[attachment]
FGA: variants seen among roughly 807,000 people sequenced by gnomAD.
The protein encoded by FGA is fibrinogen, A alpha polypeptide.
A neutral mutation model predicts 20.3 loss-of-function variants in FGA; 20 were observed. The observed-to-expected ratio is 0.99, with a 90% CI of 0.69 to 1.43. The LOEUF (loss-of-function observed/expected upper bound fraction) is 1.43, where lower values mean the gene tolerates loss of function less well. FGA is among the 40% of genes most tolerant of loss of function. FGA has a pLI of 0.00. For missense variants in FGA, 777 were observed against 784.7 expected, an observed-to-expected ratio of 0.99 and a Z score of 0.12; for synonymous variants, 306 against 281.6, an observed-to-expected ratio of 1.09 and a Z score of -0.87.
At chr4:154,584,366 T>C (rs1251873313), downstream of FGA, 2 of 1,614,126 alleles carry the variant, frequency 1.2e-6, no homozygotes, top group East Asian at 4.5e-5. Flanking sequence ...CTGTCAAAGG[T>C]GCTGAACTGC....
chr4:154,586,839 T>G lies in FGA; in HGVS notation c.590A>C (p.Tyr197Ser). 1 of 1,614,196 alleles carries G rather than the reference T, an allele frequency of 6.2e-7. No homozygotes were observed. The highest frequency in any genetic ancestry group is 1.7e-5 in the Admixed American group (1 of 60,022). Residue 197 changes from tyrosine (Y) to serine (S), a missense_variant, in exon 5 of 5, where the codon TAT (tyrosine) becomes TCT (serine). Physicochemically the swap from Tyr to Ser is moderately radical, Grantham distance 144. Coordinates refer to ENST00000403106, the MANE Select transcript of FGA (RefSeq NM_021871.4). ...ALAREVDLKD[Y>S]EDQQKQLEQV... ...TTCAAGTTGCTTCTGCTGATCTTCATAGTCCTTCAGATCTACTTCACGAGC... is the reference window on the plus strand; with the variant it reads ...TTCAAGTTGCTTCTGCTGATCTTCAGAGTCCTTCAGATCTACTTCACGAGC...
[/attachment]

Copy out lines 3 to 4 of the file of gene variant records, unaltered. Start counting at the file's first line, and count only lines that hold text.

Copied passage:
A neutral mutation model predicts 20.3 loss-of-function variants in FGA; 20 were observed. The observed-to-expected ratio is 0.99, with a 90% CI of 0.69 to 1.43. The LOEUF (loss-of-function observed/expected upper bound fraction) is 1.43, where lower values mean the gene tolerates loss of function less well. FGA is among the 40% of genes most tolerant of loss of function. FGA has a pLI of 0.00. For missense variants in FGA, 777 were observed against 784.7 expected, an observed-to-expected ratio of 0.99 and a Z score of 0.12; for synonymous variants, 306 against 281.6, an observed-to-expected ratio of 1.09 and a Z score of -0.87.
At chr4:154,584,366 T>C (rs1251873313), downstream of FGA, 2 of 1,614,126 alleles carry the variant, frequency 1.2e-6, no homozygotes, top group East Asian at 4.5e-5. Flanking sequence ...CTGTCAAAGG[T>C]GCTGAACTGC....